I'm currently having an issue. I'm creating a game and I want to be able to use a UITableView to show data (Like levels). However, I'm using strictly SpriteKit and can't seem to get the UITableView and SpritKit to work.

I tried creating a variable in my 'GameScene' class (which is an SKScene) called 'gameTableView' and its value set to a class I made called 'GameRoomTableView'.

var gameTableView = GameRoomTableView()

The class had the value of 'UITableView' (notice that I did not set it to UITableViewController).

class GameRoomTableView: UITableView {
}

I was able to add the tableView as a subview of my SKView. I did this in my 'DidMoveToView' function that's inside my GameScene class. In which got the view to show.

self.scene?.view?.addSubview(gameRoomTableView)

However, I do not know how to change things like the number of sections and how to add cells.The class won't let me access those type of things unless it's a viewController and with that I'd need an actual ViewController to get it to work. I've seen many games use tableViews but I'm not sure how they got it to work, haha.

Please don't hesitate to tell me what I'm doing wrong and if you know of a better way of going about this. Let me know if you have any questions.

  • I've never tried adding a UITableView to a SpriteKitScene, but are you sure you can't just make the class conform to the UITableViewDelegate and UITableViewDataSource? I'm not saying this WILL work, but I wrote some example code where I did just that and it doesn't show any errors – Pierce Jan 13 '17 at 2:19
  • Just ovelay a UITableView on top of the same same space as SpriteKitScene and then change the .alpha to show/hide it? – Greg Robertson Jan 13 '17 at 2:30
  • One tragic part of SpriteKit is its UI premise/promise vs reality. Using AutoLayout and UIViews layered on top of a SpriteKit game should permit creating level selectors with ease. That nobody seems to have ever done it, and that there's no sample code or other demonstrations available suggests a few things. 1. few people use SpriteKit. 2. Of those that do, it's not been done. because a) Apple doesn't show how to do it with ease and/or b) it's got rubbish performance and/or c) getting it done is like jumping through gyroscopically rotating flaming hoops in a varying gravity environment – Confused Jan 13 '17 at 3:09
  • I'm gonna have to agree with Confused. For now, I'll be using either making my own way of doing it in SpriteKit or just using UIKit – Nickolans Jan 13 '17 at 3:20
  • Likely that mixing SpriteKit and UIKit UI elements was not the idea how things should be done when it comes to SpriteKit games. For example, when transitioning between scenes, all UIKit elements should be manually removed (deallocated, or at least hidden) which can be messy on bigger projects. I mean it is doable, but personally I avoid it. Hopefully Apple engeeners will add more of UIKit-like useful elements into SpriteKit framework. – Whirlwind Jan 13 '17 at 8:07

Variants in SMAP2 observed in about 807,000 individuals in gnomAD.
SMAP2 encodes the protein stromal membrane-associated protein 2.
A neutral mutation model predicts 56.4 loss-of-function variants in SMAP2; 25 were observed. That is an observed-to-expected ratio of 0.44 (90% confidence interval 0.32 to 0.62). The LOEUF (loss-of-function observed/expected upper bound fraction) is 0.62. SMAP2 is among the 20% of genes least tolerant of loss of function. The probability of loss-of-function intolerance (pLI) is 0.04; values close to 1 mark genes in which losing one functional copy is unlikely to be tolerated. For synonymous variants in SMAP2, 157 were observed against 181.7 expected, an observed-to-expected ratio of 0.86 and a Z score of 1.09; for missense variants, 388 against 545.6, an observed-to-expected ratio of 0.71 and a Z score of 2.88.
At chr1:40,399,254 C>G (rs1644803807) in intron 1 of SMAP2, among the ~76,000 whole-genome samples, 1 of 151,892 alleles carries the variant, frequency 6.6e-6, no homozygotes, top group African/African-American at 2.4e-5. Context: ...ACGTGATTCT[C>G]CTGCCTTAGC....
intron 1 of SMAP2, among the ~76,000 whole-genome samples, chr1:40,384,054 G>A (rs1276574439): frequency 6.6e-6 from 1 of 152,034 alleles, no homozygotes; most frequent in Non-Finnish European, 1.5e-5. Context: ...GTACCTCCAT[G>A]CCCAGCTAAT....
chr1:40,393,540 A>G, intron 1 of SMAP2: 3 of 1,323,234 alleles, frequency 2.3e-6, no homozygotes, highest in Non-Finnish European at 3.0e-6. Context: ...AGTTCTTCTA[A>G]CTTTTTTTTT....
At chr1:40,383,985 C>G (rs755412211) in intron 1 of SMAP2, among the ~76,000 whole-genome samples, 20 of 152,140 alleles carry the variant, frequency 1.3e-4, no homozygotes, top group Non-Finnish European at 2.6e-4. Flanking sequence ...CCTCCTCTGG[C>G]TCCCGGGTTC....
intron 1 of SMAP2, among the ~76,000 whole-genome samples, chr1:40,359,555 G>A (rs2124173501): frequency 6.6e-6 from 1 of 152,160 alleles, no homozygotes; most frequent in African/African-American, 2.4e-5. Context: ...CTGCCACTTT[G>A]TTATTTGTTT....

up vote 14 down vote accepted

Usually I don't prefer subclass the UITableView as you doing, I prefer to use the UITableView delegate and datasource directly to my SKScene class to control both table specs and data to my game code.

But probably you have your personal scheme so I make an example to you follow your request:

import SpriteKit
import UIKit
class GameRoomTableView: UITableView,UITableViewDelegate,UITableViewDataSource {
    var items: [String] = ["Player1", "Player2", "Player3"]
    override init(frame: CGRect, style: UITableViewStyle) {
        super.init(frame: frame, style: style)
        self.delegate = self
        self.dataSource = self
    }
    required init?(coder aDecoder: NSCoder) {
        fatalError("init(coder:) has not been implemented")
    }
    // MARK: - Table view data source
    func numberOfSections(in tableView: UITableView) -> Int {
        return 1
    }
    func tableView(_ tableView: UITableView, numberOfRowsInSection section: Int) -> Int {
        return items.count
    }
    func tableView(_ tableView: UITableView, cellForRowAt indexPath: IndexPath) -> UITableViewCell {
        let cell:UITableViewCell = tableView.dequeueReusableCell(withIdentifier: "cell")! as UITableViewCell
        cell.textLabel?.text = self.items[indexPath.row]
        return cell
    }
    func tableView(_ tableView: UITableView, titleForHeaderInSection section: Int) -> String? {
        return "Section \(section)"
    }
    func tableView(_ tableView: UITableView, didSelectRowAt indexPath: IndexPath) {
        print("You selected cell #\(indexPath.row)!")
    }
}
class GameScene: SKScene {
    var gameTableView = GameRoomTableView()
    private var label : SKLabelNode?
    override func didMove(to view: SKView) {
        self.label = self.childNode(withName: "//helloLabel") as? SKLabelNode
        if let label = self.label {
            label.alpha = 0.0
            label.run(SKAction.fadeIn(withDuration: 2.0))
        }
        // Table setup
        gameTableView.register(UITableViewCell.self, forCellReuseIdentifier: "cell")
        gameTableView.frame=CGRect(x:20,y:50,width:280,height:200)
        self.scene?.view?.addSubview(gameTableView)
        gameTableView.reloadData()
    }
}

Output:

enter image description here

  • This worked flawlessly and is exactly what I was looking for! – Nickolans Jan 13 '17 at 10:30

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